Aeronautical Engineering/Spaceship


QUESTION: Is it practically possible that a rocket/spaceship maintains a constant speed (say 10 km/hr) and still manages to escape the Earth's gravitation field???
Please Elaborate quantitatively and Qualitatively too!!

ANSWER: Yes, a rocket can escape the Earth’s gravitational field at a constant speed. But first it must achieve the minimum orbital speed given by:

vo = sqrt(GM/r) = ve/sqrt(2),  where

vo = orbital speed, G = gravitational constant, M = mass of Earth, r = distance between mass centers, and ve = ballistic escape velocity (11.2 km/s on Earth).

Then to escape the Earth’s gravity well, the speed must increase such that the characteristic energy, C, in the following equation is greater than or equal to zero:

C/2 = 1/2 * v^2 - mu/r,  where

mu = GM

Since your rocket speed of 10 km/h is much less than the ballistic escape velocity, it would not be able to go into orbit nor escape the gravity well.


---------- FOLLOW-UP ----------

QUESTION: Basically is this what you are trying to say:
"The rocket needs to maintain the minimum orbital speed throughout..??"

What i was asking is this:
Suppose i counter the gravitational force and then due to zero acceleration,
the speed becomes constant..
so at this speed the rocket must escape the earth..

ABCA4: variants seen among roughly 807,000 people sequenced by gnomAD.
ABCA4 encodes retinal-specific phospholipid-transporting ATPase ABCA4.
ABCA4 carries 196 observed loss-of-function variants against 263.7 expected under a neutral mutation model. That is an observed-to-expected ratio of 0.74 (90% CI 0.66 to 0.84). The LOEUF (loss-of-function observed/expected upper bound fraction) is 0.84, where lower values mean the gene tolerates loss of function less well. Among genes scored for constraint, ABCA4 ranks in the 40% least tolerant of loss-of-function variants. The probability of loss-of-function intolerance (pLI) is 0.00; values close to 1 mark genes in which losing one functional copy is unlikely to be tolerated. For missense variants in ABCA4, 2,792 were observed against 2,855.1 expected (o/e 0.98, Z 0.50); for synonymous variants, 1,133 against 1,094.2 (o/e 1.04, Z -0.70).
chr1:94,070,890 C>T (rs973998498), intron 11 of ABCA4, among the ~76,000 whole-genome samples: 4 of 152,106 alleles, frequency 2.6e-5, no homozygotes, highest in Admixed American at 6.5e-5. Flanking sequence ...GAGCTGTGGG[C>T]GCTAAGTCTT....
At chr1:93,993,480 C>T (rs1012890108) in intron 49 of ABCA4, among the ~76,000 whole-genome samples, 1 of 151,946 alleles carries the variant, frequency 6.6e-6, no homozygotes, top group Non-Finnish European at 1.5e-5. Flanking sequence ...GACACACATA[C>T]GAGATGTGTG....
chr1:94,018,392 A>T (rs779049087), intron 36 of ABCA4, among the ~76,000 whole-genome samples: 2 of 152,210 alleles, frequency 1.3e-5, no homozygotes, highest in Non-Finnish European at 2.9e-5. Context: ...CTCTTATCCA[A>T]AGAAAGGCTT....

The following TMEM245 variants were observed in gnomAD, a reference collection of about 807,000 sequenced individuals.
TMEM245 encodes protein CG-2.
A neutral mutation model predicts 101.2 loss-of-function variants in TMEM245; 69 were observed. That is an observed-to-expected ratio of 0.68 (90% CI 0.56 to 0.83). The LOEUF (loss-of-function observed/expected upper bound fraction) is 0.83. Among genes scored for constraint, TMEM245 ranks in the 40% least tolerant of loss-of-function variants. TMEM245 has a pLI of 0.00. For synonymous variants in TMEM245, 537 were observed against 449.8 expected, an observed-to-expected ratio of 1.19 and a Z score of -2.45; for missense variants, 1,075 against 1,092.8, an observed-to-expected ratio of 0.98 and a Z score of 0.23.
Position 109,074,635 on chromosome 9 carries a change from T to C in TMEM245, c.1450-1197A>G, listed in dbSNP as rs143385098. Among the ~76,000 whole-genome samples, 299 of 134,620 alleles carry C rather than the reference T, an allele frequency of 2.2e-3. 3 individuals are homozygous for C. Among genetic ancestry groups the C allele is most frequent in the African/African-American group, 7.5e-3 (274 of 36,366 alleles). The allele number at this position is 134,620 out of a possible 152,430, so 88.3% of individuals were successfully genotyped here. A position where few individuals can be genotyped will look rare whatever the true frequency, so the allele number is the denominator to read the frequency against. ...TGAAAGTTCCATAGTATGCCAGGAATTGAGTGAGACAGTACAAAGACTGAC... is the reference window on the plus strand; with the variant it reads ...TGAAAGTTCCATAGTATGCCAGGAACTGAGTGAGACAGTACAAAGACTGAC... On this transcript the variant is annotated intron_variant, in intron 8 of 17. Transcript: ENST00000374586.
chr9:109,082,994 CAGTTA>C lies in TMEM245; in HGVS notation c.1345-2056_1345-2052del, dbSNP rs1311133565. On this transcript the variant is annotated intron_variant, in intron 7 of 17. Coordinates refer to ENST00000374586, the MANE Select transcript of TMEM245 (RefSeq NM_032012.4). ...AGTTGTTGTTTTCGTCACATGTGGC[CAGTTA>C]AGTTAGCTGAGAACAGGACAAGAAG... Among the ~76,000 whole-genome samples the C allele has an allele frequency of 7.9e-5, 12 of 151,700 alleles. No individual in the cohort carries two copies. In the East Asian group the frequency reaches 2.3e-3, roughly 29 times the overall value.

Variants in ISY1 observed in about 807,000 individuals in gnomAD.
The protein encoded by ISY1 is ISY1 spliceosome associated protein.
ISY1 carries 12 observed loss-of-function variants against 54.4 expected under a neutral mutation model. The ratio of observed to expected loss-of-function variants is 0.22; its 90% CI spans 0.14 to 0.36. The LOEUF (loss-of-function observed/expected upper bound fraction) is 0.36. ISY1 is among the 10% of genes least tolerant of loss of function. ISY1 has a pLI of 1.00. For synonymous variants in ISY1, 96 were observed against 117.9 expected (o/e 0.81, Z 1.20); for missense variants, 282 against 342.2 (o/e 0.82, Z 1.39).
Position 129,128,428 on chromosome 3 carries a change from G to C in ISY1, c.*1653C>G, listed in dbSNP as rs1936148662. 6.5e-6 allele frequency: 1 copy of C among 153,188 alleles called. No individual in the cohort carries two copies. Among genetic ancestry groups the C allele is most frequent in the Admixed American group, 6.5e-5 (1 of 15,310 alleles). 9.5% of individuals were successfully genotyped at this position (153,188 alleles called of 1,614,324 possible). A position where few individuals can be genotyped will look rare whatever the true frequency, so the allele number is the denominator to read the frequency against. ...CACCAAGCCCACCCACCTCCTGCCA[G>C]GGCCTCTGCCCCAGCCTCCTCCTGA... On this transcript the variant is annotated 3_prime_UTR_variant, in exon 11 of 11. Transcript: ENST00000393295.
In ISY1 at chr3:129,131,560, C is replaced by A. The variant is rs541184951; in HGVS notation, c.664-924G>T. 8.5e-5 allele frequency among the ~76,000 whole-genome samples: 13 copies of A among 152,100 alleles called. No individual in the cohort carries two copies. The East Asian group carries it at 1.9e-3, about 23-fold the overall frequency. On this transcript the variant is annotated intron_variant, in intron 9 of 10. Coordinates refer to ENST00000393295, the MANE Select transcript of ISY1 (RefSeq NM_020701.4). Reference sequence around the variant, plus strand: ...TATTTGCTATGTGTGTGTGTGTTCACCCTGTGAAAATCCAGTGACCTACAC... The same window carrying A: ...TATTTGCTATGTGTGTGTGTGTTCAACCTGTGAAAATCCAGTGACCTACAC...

Is this Practically possible????

I'm not sure I understand your question. The rocket must attain the necessary speed as a function of altitude described in the above equations. To get to that speed the rocket must accelerate. Once it achieves the necessary speed it can remain at that speed forever (or change speed as the gravitational field diminishes with altitude).

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Paul Soderman


Aeronautics, Aerodynamics, Fluid Mechanics, Aeroacoustics, Noise Control, Muffler Design, Wind Tunnel Research.... I know nothing about India - do not ask about schools, jobs, application requirements, career choices, etc. for India. Please, no text message verbiage; I prefer full words in full sentences. Thanks.


38 years as research engineer at NASA


B.S. and M.S. Aeronautical Engineering - U. of Washington, Graduate work Standford U.

Awards and Honors
AIAA Associate Fellow (American Institute of Aeronautics and Astronautics)

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